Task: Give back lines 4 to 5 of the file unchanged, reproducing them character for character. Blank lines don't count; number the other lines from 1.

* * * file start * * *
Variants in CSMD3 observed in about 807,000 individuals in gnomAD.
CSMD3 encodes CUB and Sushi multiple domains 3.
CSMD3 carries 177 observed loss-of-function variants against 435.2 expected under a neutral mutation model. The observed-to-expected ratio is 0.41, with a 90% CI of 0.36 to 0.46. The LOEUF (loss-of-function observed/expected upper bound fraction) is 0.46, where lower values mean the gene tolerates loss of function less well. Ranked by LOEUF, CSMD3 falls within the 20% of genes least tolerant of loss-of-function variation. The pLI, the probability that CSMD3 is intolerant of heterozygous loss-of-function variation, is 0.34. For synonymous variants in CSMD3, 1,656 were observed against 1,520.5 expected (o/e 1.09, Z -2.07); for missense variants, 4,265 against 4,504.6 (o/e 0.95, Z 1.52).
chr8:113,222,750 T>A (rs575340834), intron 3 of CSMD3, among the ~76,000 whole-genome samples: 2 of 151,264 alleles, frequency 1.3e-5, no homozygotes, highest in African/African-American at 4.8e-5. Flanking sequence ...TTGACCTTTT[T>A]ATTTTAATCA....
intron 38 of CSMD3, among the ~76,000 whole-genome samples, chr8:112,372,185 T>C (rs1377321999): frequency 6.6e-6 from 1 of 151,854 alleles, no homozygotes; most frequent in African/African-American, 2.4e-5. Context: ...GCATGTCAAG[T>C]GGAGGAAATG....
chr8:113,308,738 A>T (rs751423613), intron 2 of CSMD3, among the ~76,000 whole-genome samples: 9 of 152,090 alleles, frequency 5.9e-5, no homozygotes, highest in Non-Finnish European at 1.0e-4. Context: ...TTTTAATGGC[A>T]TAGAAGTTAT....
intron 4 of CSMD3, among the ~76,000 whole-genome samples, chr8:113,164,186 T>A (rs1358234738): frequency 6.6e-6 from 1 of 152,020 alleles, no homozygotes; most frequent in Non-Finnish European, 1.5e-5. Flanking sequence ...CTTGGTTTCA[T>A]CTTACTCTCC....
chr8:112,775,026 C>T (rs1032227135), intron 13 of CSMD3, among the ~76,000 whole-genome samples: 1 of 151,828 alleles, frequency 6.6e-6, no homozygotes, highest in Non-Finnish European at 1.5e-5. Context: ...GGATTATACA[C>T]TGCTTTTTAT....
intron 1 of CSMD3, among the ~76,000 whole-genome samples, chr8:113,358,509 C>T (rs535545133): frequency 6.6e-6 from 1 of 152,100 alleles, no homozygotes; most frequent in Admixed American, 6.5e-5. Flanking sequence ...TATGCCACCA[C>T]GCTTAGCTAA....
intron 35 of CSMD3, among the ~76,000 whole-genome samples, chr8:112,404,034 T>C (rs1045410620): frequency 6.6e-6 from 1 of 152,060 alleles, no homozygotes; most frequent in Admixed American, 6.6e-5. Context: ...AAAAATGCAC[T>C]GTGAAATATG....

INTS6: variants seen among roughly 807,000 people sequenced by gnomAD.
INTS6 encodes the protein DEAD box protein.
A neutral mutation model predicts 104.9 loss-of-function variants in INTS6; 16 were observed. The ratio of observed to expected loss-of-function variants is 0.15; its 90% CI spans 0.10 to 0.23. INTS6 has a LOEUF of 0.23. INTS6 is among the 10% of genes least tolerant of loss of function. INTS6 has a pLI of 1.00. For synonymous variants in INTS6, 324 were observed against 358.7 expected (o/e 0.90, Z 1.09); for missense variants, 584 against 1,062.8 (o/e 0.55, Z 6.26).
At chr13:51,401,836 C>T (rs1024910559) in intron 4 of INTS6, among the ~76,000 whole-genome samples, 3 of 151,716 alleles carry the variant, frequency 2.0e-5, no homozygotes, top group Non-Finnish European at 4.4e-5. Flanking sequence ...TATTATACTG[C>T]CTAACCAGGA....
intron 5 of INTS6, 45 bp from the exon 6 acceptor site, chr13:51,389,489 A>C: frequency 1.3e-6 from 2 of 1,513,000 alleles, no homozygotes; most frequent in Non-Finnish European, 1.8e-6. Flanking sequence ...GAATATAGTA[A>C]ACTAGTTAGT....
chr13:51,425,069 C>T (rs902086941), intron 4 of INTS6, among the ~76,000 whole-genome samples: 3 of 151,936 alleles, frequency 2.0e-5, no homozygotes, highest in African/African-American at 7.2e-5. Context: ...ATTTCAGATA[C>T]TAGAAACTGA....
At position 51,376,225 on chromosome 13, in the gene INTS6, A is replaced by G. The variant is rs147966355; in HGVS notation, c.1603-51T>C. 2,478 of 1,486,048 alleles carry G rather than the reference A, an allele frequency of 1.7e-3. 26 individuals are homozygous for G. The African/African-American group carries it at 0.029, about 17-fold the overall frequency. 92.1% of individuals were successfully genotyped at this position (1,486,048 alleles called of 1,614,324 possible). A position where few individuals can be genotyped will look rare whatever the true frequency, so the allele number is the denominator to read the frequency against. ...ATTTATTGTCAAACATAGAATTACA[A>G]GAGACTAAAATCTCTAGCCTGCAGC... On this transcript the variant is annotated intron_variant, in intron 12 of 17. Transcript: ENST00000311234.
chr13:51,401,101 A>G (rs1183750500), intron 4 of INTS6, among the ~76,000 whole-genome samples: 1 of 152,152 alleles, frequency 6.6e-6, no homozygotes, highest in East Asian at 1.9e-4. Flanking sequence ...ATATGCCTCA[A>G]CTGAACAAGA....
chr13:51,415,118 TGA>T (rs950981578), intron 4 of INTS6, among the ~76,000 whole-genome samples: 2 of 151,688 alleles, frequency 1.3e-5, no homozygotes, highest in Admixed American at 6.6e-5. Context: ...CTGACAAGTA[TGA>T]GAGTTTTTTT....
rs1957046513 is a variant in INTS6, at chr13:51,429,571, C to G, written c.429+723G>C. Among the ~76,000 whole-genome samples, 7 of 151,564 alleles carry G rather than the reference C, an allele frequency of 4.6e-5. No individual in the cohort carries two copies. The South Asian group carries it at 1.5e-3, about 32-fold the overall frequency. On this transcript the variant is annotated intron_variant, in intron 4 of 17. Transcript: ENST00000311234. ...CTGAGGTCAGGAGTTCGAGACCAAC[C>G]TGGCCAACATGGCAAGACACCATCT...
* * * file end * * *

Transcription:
chr8:113,222,750 T>A (rs575340834), intron 3 of CSMD3, among the ~76,000 whole-genome samples: 2 of 151,264 alleles, frequency 1.3e-5, no homozygotes, highest in African/African-American at 4.8e-5. Flanking sequence ...TTGACCTTTT[T>A]ATTTTAATCA....
intron 38 of CSMD3, among the ~76,000 whole-genome samples, chr8:112,372,185 T>C (rs1377321999): frequency 6.6e-6 from 1 of 151,854 alleles, no homozygotes; most frequent in African/African-American, 2.4e-5. Context: ...GCATGTCAAG[T>C]GGAGGAAATG....